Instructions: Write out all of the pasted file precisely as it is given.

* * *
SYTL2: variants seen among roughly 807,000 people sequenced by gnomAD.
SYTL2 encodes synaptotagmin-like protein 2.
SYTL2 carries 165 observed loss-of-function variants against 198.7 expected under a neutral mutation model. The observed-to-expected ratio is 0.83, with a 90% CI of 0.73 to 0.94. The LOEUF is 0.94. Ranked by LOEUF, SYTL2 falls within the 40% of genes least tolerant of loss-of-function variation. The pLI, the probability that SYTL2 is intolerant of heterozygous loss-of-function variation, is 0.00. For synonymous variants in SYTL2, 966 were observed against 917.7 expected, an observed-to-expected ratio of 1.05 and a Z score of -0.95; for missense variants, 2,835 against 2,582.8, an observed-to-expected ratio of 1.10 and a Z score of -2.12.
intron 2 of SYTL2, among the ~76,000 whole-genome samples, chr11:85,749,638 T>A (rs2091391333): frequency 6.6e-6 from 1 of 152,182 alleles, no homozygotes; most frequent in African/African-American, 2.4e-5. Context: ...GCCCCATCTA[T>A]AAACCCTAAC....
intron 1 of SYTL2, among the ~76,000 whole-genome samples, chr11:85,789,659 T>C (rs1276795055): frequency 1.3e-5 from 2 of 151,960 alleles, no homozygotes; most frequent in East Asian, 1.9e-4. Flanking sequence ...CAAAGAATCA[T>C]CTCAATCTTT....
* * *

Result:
SYTL2: variants seen among roughly 807,000 people sequenced by gnomAD.
SYTL2 encodes synaptotagmin-like protein 2.
SYTL2 carries 165 observed loss-of-function variants against 198.7 expected under a neutral mutation model. The observed-to-expected ratio is 0.83, with a 90% CI of 0.73 to 0.94. The LOEUF is 0.94. Ranked by LOEUF, SYTL2 falls within the 40% of genes least tolerant of loss-of-function variation. The pLI, the probability that SYTL2 is intolerant of heterozygous loss-of-function variation, is 0.00. For synonymous variants in SYTL2, 966 were observed against 917.7 expected, an observed-to-expected ratio of 1.05 and a Z score of -0.95; for missense variants, 2,835 against 2,582.8, an observed-to-expected ratio of 1.10 and a Z score of -2.12.
intron 2 of SYTL2, among the ~76,000 whole-genome samples, chr11:85,749,638 T>A (rs2091391333): frequency 6.6e-6 from 1 of 152,182 alleles, no homozygotes; most frequent in African/African-American, 2.4e-5. Context: ...GCCCCATCTA[T>A]AAACCCTAAC....
intron 1 of SYTL2, among the ~76,000 whole-genome samples, chr11:85,789,659 T>C (rs1276795055): frequency 1.3e-5 from 2 of 151,960 alleles, no homozygotes; most frequent in East Asian, 1.9e-4. Flanking sequence ...CAAAGAATCA[T>C]CTCAATCTTT....